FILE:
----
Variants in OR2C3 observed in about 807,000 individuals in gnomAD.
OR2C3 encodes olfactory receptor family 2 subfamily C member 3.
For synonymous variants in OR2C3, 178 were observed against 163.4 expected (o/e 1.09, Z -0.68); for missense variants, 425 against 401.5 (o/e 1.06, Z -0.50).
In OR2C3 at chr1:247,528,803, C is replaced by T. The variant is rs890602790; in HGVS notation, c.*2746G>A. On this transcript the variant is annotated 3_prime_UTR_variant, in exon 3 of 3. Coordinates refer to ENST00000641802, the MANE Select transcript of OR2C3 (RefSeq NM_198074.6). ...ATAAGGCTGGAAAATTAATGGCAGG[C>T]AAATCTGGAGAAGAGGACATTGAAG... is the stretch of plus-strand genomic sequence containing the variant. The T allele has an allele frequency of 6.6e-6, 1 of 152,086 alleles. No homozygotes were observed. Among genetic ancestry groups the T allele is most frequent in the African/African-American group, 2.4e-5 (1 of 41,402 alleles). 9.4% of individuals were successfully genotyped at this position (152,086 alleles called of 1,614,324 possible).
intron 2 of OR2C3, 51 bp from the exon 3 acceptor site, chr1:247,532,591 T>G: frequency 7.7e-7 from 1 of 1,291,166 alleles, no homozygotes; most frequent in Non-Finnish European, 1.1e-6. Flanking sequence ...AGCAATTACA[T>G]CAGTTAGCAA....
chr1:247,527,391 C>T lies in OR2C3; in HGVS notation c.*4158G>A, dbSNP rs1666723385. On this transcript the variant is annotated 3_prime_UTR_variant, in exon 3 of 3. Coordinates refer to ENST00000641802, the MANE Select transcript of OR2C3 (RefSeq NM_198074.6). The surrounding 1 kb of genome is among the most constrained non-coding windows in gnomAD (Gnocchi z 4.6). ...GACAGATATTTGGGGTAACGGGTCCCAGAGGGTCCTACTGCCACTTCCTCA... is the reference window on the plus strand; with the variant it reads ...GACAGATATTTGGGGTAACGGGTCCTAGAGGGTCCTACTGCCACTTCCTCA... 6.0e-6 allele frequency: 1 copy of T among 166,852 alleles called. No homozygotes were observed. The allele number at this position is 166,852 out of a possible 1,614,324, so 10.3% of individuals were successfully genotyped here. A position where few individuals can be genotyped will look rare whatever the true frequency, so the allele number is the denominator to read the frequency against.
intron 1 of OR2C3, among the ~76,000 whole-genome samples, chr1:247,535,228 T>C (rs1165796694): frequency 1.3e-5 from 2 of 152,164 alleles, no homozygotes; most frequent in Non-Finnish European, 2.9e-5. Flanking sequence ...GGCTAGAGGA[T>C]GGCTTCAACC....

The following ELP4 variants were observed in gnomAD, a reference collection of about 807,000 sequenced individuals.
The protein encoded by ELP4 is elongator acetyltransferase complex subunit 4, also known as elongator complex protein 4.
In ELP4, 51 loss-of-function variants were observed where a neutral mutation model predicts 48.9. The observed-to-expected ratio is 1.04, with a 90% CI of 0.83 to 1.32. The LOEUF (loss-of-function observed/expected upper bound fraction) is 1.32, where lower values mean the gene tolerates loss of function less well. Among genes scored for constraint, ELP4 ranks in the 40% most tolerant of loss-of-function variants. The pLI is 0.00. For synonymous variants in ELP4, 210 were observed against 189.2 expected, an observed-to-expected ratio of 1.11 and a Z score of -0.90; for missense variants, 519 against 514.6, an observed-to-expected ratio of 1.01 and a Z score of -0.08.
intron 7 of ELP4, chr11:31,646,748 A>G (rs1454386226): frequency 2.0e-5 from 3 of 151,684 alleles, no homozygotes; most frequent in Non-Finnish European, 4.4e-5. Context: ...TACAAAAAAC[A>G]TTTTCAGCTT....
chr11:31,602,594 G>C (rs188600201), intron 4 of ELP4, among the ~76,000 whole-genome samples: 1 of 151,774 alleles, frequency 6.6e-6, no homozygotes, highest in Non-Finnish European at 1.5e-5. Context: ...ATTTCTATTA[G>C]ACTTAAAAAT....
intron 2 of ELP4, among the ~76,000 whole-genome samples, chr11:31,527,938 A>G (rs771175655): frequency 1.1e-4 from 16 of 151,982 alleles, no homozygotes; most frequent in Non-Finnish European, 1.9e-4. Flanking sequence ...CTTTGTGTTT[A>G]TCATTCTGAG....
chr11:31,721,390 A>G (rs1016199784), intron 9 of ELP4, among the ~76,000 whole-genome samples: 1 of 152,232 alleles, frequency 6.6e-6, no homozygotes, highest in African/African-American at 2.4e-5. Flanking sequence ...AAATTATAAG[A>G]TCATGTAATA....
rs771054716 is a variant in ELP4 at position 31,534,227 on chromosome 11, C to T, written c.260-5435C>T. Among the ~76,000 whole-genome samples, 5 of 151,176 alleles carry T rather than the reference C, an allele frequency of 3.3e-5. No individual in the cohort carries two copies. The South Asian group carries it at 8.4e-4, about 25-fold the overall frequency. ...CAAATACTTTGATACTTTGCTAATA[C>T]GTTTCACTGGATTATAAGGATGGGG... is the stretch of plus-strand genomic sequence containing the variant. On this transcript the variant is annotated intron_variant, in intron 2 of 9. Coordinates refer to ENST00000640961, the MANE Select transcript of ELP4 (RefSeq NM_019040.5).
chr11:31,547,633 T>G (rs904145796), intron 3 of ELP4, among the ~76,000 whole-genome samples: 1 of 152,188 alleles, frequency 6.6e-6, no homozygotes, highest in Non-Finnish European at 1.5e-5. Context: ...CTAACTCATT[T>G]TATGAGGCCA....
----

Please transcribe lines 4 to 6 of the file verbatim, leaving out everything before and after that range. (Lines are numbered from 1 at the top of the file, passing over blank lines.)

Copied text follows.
In OR2C3 at chr1:247,528,803, C is replaced by T. The variant is rs890602790; in HGVS notation, c.*2746G>A. On this transcript the variant is annotated 3_prime_UTR_variant, in exon 3 of 3. Coordinates refer to ENST00000641802, the MANE Select transcript of OR2C3 (RefSeq NM_198074.6). ...ATAAGGCTGGAAAATTAATGGCAGG[C>T]AAATCTGGAGAAGAGGACATTGAAG... is the stretch of plus-strand genomic sequence containing the variant. The T allele has an allele frequency of 6.6e-6, 1 of 152,086 alleles. No homozygotes were observed. Among genetic ancestry groups the T allele is most frequent in the African/African-American group, 2.4e-5 (1 of 41,402 alleles). 9.4% of individuals were successfully genotyped at this position (152,086 alleles called of 1,614,324 possible).
intron 2 of OR2C3, 51 bp from the exon 3 acceptor site, chr1:247,532,591 T>G: frequency 7.7e-7 from 1 of 1,291,166 alleles, no homozygotes; most frequent in Non-Finnish European, 1.1e-6. Flanking sequence ...AGCAATTACA[T>G]CAGTTAGCAA....
chr1:247,527,391 C>T lies in OR2C3; in HGVS notation c.*4158G>A, dbSNP rs1666723385. On this transcript the variant is annotated 3_prime_UTR_variant, in exon 3 of 3. Coordinates refer to ENST00000641802, the MANE Select transcript of OR2C3 (RefSeq NM_198074.6). The surrounding 1 kb of genome is among the most constrained non-coding windows in gnomAD (Gnocchi z 4.6). ...GACAGATATTTGGGGTAACGGGTCCCAGAGGGTCCTACTGCCACTTCCTCA... is the reference window on the plus strand; with the variant it reads ...GACAGATATTTGGGGTAACGGGTCCTAGAGGGTCCTACTGCCACTTCCTCA... 6.0e-6 allele frequency: 1 copy of T among 166,852 alleles called. No homozygotes were observed. The allele number at this position is 166,852 out of a possible 1,614,324, so 10.3% of individuals were successfully genotyped here. A position where few individuals can be genotyped will look rare whatever the true frequency, so the allele number is the denominator to read the frequency against.